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Android Versus iPhone

Which is better: Android or iPhone? Looking at the latest sales figures which show Android based smartphones outselling every other platform and Apple staying fairly steady at around 25% (poor old RIM is the main victim of Android’s success) you might be tempted to say that Android is clearly superior. But I’m sure you’ll not be surprised to hear that I don’t agree.

Maybe it depends on how you define the word “better”. If you mean the biggest selling phone is best then clearly Android wins. Of course Android is an operating system which runs on many phones, so that further complicates the discussion. But not many people would claim that simple popularity means quality in the wider sense. The problem is that all measures of quality are essentially subjective.

But whatever your views on quality how can the success of Android be explained? Allow me to offer an anecdote. In our house we have three smartphones. I have an iPhone 4 and two other members of my family have Android phones (one is made by Samsung and the other is branded Vodafone). Let’s have a look at how these phones are used…

The iPhone has pages of extra apps installed but the Android phones have nothing extra at all. All of the functions of the iPhone are regularly used but many of the Android phone basic features are never used. I love my iPhone but the Android users are constantly making comments like “I hate this phone” and “how do you make it do this?”

To be fair the Android phones aren’t the most expensive. They are considerably cheaper than both the iPhone and the top phones running other operating systems so the comparison is a bit unfair. But I think a lot of that large market share Android phones have comes from phones just like these. So most likely the vast majority of that share is for cheaper phones which are slow and hard to use and which the owners don’t use to anything like their full potential and actually don’t even enjoy using.

Even the top Android phones which I have used (admittedly for only short periods of time) have looked good on the surface but have fallen short of the great iPhone experience. And that is an opinion which has quite wide acceptance.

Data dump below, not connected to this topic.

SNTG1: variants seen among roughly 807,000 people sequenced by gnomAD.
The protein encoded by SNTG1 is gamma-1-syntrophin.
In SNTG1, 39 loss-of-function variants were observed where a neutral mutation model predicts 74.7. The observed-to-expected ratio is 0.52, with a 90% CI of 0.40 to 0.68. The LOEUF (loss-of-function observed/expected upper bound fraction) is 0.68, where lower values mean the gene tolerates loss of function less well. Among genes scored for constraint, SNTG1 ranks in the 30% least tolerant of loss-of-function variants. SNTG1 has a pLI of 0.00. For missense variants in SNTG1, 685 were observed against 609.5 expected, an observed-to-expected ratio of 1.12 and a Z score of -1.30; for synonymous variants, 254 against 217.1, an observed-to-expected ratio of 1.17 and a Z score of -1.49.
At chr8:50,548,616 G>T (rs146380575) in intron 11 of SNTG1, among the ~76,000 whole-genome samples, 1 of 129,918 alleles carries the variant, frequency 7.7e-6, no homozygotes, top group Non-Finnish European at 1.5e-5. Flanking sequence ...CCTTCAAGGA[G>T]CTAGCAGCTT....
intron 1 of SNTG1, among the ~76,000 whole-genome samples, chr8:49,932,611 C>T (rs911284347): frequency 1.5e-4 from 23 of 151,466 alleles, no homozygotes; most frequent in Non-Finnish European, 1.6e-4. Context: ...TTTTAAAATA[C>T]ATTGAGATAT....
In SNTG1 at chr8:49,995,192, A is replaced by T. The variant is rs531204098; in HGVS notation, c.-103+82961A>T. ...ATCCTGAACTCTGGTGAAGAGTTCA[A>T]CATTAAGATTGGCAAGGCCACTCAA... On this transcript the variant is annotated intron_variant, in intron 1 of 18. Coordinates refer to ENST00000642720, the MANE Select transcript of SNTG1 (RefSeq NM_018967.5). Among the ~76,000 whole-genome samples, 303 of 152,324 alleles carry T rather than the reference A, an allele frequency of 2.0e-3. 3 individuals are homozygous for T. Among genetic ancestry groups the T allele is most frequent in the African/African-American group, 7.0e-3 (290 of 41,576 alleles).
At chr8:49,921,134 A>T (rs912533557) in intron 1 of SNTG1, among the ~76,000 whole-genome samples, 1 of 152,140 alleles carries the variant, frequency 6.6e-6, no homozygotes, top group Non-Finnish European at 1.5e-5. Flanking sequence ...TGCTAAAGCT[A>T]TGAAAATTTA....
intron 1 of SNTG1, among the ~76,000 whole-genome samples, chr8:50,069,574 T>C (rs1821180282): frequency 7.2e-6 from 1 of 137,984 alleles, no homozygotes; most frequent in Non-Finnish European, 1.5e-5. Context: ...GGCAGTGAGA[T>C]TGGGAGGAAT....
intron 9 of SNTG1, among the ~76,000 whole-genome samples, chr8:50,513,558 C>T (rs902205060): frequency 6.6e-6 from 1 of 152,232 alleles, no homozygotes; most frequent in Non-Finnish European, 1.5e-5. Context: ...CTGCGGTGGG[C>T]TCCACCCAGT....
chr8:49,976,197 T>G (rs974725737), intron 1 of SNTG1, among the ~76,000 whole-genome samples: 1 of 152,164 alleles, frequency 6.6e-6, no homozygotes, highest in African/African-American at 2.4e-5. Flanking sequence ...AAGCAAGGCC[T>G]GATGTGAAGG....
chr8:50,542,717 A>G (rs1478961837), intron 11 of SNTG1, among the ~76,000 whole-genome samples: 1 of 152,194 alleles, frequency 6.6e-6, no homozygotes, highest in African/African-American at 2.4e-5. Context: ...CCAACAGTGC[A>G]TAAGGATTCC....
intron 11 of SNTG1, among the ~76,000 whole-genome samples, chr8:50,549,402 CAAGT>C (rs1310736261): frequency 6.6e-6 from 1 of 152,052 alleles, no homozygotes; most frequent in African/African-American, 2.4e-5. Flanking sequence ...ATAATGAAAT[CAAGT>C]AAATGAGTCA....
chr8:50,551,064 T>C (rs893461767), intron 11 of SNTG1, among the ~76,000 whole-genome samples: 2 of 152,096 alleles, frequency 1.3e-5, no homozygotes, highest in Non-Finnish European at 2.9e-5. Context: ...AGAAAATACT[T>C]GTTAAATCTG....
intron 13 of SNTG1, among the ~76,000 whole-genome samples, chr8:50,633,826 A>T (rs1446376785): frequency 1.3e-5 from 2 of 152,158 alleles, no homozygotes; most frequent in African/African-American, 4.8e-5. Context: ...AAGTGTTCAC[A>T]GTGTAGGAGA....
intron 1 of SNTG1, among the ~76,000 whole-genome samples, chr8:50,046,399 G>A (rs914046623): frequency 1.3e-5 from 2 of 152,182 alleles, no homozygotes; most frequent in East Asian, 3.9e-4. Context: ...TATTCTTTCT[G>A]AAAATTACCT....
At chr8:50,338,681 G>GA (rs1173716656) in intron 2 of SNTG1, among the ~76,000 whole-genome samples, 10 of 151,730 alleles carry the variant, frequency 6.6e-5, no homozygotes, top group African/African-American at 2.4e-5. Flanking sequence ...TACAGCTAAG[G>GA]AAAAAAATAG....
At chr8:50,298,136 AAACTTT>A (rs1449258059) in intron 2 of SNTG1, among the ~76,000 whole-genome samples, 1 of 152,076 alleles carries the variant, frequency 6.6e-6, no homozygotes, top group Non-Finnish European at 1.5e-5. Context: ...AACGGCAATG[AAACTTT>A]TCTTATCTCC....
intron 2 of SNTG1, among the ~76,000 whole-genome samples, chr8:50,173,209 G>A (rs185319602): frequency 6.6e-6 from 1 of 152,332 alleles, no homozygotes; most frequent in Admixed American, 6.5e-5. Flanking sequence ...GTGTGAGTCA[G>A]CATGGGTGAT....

Of course Android does have some advantages. First, it is a more open platform so it isn’t susceptible to the possibly arbitrary rules and restrictions Apple puts on the much more closed environment of the iPhone. On the other hand the closed Apple environment does result in a very well integrated environment and one which is far less likely to be affected by substandard programs and malware.

Another Android advantage is the variety of hardware it runs on. If you want a phone with a physical keyboard for example, you can do that with Android but not iPhone. That is a real issue although I think most people would learn to like the iPhone’s virtual keyboard if they just gave it a chance.

Maybe the biggest Android advantage is price. The problem is that the cheaper phones tend to be slow and clunky and the phones where the hardware is of similar quality to an iPhone are often just about as expensive anyway. So what’s the point?

Android is a younger system than iOS so maybe it needs another year or two to mature. But the fragmentation of the design of the user interface on Android devices and the poor experience many people have with them means that while they will probably continue to be the biggest selling platform they aren’t likely to be a challenge to Apple for being the best.

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